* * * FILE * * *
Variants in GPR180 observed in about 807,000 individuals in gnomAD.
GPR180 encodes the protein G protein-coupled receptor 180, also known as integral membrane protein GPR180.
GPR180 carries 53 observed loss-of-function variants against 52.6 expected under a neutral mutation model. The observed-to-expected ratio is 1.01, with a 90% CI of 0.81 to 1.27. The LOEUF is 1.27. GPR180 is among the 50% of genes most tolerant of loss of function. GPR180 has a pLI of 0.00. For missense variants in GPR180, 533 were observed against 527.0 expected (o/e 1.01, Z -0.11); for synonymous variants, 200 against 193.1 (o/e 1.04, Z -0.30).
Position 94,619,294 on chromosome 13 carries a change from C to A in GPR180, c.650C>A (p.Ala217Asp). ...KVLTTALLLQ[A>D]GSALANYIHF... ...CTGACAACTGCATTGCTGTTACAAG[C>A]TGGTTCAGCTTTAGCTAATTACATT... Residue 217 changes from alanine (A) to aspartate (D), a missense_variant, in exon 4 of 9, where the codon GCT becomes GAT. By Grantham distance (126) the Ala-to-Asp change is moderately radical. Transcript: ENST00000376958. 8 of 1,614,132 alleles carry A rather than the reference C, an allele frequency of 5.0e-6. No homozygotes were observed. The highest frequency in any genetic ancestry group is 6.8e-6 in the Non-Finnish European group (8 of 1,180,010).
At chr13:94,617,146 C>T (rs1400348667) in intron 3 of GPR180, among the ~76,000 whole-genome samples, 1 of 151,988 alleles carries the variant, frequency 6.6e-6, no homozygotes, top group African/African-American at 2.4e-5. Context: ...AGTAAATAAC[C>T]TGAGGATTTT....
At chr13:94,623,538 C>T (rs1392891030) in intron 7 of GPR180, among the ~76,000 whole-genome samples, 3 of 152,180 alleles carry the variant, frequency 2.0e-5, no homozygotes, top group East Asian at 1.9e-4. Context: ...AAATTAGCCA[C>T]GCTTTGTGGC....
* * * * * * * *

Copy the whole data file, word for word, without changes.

Variants in GPR180 observed in about 807,000 individuals in gnomAD.
GPR180 encodes the protein G protein-coupled receptor 180, also known as integral membrane protein GPR180.
GPR180 carries 53 observed loss-of-function variants against 52.6 expected under a neutral mutation model. The observed-to-expected ratio is 1.01, with a 90% CI of 0.81 to 1.27. The LOEUF is 1.27. GPR180 is among the 50% of genes most tolerant of loss of function. GPR180 has a pLI of 0.00. For missense variants in GPR180, 533 were observed against 527.0 expected (o/e 1.01, Z -0.11); for synonymous variants, 200 against 193.1 (o/e 1.04, Z -0.30).
Position 94,619,294 on chromosome 13 carries a change from C to A in GPR180, c.650C>A (p.Ala217Asp). ...KVLTTALLLQ[A>D]GSALANYIHF... ...CTGACAACTGCATTGCTGTTACAAG[C>A]TGGTTCAGCTTTAGCTAATTACATT... Residue 217 changes from alanine (A) to aspartate (D), a missense_variant, in exon 4 of 9, where the codon GCT becomes GAT. By Grantham distance (126) the Ala-to-Asp change is moderately radical. Transcript: ENST00000376958. 8 of 1,614,132 alleles carry A rather than the reference C, an allele frequency of 5.0e-6. No homozygotes were observed. The highest frequency in any genetic ancestry group is 6.8e-6 in the Non-Finnish European group (8 of 1,180,010).
At chr13:94,617,146 C>T (rs1400348667) in intron 3 of GPR180, among the ~76,000 whole-genome samples, 1 of 151,988 alleles carries the variant, frequency 6.6e-6, no homozygotes, top group African/African-American at 2.4e-5. Context: ...AGTAAATAAC[C>T]TGAGGATTTT....
At chr13:94,623,538 C>T (rs1392891030) in intron 7 of GPR180, among the ~76,000 whole-genome samples, 3 of 152,180 alleles carry the variant, frequency 2.0e-5, no homozygotes, top group East Asian at 1.9e-4. Context: ...AAATTAGCCA[C>T]GCTTTGTGGC....